I’ve watched a lot of Star Trek. Growing up I watched repeats of Star Trek: The Next Generation every weeknight at 7 on WTVZ Fox 33, along with new episodes every Thursday on WGNT 27, which at the time had no network affiliation. From there I worked my way backwards through the Original Series movies, while simultaneously seeing the Next Generation movies and being vaguely entertained, thrilled, bored, and ready for a new movie series. I also took in the entirety of Deep Space Nine and as much of Voyager as I could tolerate. I have enjoyed other series, but The Next Generation (or TNG, as the pros call it) was my first and favorite Star Trek. For some of the younger people, Voyager is their Star Trek, which is a shame because Voyager is mostly shit.
Star Trek exists in a rich universe, one that is much more fleshed-out than that of its often-unfairly-compared “rival” Star Wars. The Star Wars mainline canon consists of six movies. Star Trek has three seasons and six movies of Original Series, seven seasons and four movies of TNG, seven seasons of Deep Space Nine, seven worthless hackneyed seasons of Voyager, four inconsistent seasons of Enterprise, and the 2009 reboot movie. That’s a lot of characters, alien races explored in relative detail, and situations to be dealt with by the protagonists. This detailed picture of the galaxy means that you can, as an adult, find yourself musing on the practicalities of the Star Trek fictional universe in pretty concrete terms. During some downtime this past weekend, I had a sudden revelation about the era of Star Trek that begins with The Next Generation:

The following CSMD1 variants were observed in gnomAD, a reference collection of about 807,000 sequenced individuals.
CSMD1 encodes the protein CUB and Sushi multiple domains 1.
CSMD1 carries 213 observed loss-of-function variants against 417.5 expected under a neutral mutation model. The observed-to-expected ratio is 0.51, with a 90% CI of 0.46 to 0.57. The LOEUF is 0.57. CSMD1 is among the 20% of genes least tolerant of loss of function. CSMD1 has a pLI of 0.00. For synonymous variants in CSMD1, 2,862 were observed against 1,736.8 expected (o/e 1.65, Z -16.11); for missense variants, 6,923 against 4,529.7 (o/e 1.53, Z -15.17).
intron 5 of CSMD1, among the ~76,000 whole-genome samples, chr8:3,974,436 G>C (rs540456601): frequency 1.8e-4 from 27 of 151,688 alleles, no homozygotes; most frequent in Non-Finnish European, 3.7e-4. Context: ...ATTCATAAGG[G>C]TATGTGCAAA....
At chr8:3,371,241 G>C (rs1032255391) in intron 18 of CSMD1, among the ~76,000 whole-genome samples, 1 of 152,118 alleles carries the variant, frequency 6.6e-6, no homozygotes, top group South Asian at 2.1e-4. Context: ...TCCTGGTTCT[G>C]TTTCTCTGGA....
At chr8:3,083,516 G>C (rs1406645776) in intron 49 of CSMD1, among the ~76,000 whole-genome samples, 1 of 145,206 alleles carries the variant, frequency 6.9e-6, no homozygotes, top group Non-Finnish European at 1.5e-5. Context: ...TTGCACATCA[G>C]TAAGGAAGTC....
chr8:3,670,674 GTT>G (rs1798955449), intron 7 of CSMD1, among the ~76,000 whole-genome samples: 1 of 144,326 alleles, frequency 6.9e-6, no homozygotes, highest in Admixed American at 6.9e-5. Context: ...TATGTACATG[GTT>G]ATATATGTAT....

There is no longer any need for a shipboard Medical Officer. The only reason to have one is for her to be attractive to the Captain and ensure his sexual needs are met. Continue reading